Windsor’s 5-layer non-barrier POD blown film lines

Interview – Windsor DGM Manoj Singh

7-layer blown film line capable of producing nylon and EVOH based barrier films, Photo PSA
7-layer blown film line capable of producing nylon and EVOH based barrier films, Photo PSA

Gujarat, Ahmedabad based Windsor is one of the biggest blown film line machine manufacturers in India. Operating for more than 50 years in the country, the company is one of the earliest entrants in the plastics and rubber processing industries. Windsor has been supplying plastic molding machines, pipe extrusions machines, blown film lines and tape lines over the years. The company is now focussed on extrusion blown film lines, extrusion machines for PVC and HDPE and injection molding machines.

Collaborations and acquisitions worldwide

To upgrade its technologies, Windsor entered a technical collaboration with Italtec followed by the acquisition of Italtec’s molding business. The double platen molding machines currently offered by Windsor were an Italtech invention.

For blown film lines, Windsor entered a technical collaboration with Kunhe from Germany. Subsequently, Windsor collaborated with and acquired Swiss company THE for upgrading its extrusion applications. With these collaborations, the company got back on its high growth path.

Windor's two platen injection moulding machine, KL 550. Photo PSA
Windor’s two platen injection moulding machine, KL 550. Photo PSA

Windsor’s market share in India

With Windsor for the past six years, deputy general manager – Sales and Marketing Manoj Singh looks after the extrusion and molding segments. Windsor claims close to 60% market share in the country’s blown film lines. While most of the demand is from Central and North India, it has customers throughout the country.

Windsor has installed more than 10 barrier lines and more than 100 non-barrier lines across the country. It has installed three 7-layer lines and more than half a dozen 5-layer lines in the past four years. “The market size in the barrier segment was pretty small and there was huge competition for these lines from major European machine suppliers such as W&H and Reifenhauser. If we imported the hot part (extruder) in the machine from Kunhe, then our cost was the same as theirs and we didn’t have any real edge. Now, with Kunhe helping us, we are supplying our own technology for the 5-layer polyolefin POD lines in India,” says Singh.

Manoj Singh, deputy general manager – Sales and Marketing, Windsor. Photo PSA
Manoj Singh, deputy general manager – Sales and Marketing, Windsor. Photo PSA

Growing importance of 5-layer non-barrier polyolefin POD lines

Singh says, “The demand for barrier and polyolefin lines in India in increasing,” adding that in days to come, “many 3-layer lines will get converted to 5-layer non-barrier polyolefin POD lines. The main reason for this is polyolefin allows the converter to downgauge without compromising strength. That permits huge raw material savings and in turn increases profits.”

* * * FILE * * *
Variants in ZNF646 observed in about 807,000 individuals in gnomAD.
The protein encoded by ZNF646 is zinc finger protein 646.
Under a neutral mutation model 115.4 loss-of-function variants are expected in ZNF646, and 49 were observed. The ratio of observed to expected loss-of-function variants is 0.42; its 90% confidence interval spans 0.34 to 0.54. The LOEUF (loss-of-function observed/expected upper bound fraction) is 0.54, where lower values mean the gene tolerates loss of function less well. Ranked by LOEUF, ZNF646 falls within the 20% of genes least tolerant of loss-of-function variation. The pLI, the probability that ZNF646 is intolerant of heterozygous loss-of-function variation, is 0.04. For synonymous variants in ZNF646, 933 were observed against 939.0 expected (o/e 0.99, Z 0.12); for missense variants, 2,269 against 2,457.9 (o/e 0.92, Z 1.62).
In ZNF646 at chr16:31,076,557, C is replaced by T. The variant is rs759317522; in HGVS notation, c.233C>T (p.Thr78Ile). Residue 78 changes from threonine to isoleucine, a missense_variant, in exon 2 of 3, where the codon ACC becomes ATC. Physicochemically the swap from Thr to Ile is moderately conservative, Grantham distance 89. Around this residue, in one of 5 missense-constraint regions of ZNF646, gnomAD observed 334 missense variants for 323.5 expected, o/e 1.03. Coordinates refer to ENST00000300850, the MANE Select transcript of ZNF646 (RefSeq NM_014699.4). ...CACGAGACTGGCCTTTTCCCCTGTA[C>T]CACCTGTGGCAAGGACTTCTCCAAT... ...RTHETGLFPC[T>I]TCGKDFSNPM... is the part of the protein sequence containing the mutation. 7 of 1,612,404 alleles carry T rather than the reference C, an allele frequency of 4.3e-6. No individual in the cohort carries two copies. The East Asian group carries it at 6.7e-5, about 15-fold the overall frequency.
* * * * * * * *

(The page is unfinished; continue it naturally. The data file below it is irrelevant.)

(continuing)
He says that the barrier lines will increase their dominance of the market in the future with a rise in packaged foods. “At the end of the day, the shelf life of the packaged materials has to increase. And with time, the demand for greater shelf life will keep increasing. For example, bottled water started with 3 days’ shelf life, which has now increased to 9 months. Hence the ‘fresh’ bottled water that we buy may be months old but we still consume it,” shares Singh.

Banning plastic not the solution

Singh says that before talking about the ban on single-use plastics, one must understand what it actually is. His definition of a single-use plastic bag or film is a plastic which costs more to recycle than its production cost. “If plastic bags are banned, then milk pouches should also be banned and the ban must not merely be done where convenient. This is an eco-system and we have to maintain a balance. My view is that it is not required to ban plastic. It is more important to educate people about the reusability possibilities. The problem arose in the first place because of indiscriminate littering.

“There was a project announced by late Jayalalitha about making a one lakh kilometer long road from plastic waste. However, that project was unsuccessful. The government must also intervene to assign a proper economic value to plastic collection rather than simply banning it because it is the most pocket-friendly packaging source available in the country,” explains Singh.

Plastics debate discourages new entrants

Singh also said that the entire debate on plastics has affected the company’s business both directly and indirectly. The debate according to him has discouraged many people from entering the flexible packaging business. “When new players don’t come, the older ones will start dominating the market making huge profits. Nevertheless, we hope the situation improves in the future and that the flexible packaging segment grows,” Singh concludes.

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Harish Penumarthi
Associate Editor. First worked for a startup that conducted student competitions for designing and fabricating go-karts and eBikes in Hyderabad. Then worked for Food Marketing and Technology magazine. Joined Indian Printer and Publisher and Packaging South Asia in June 2017.


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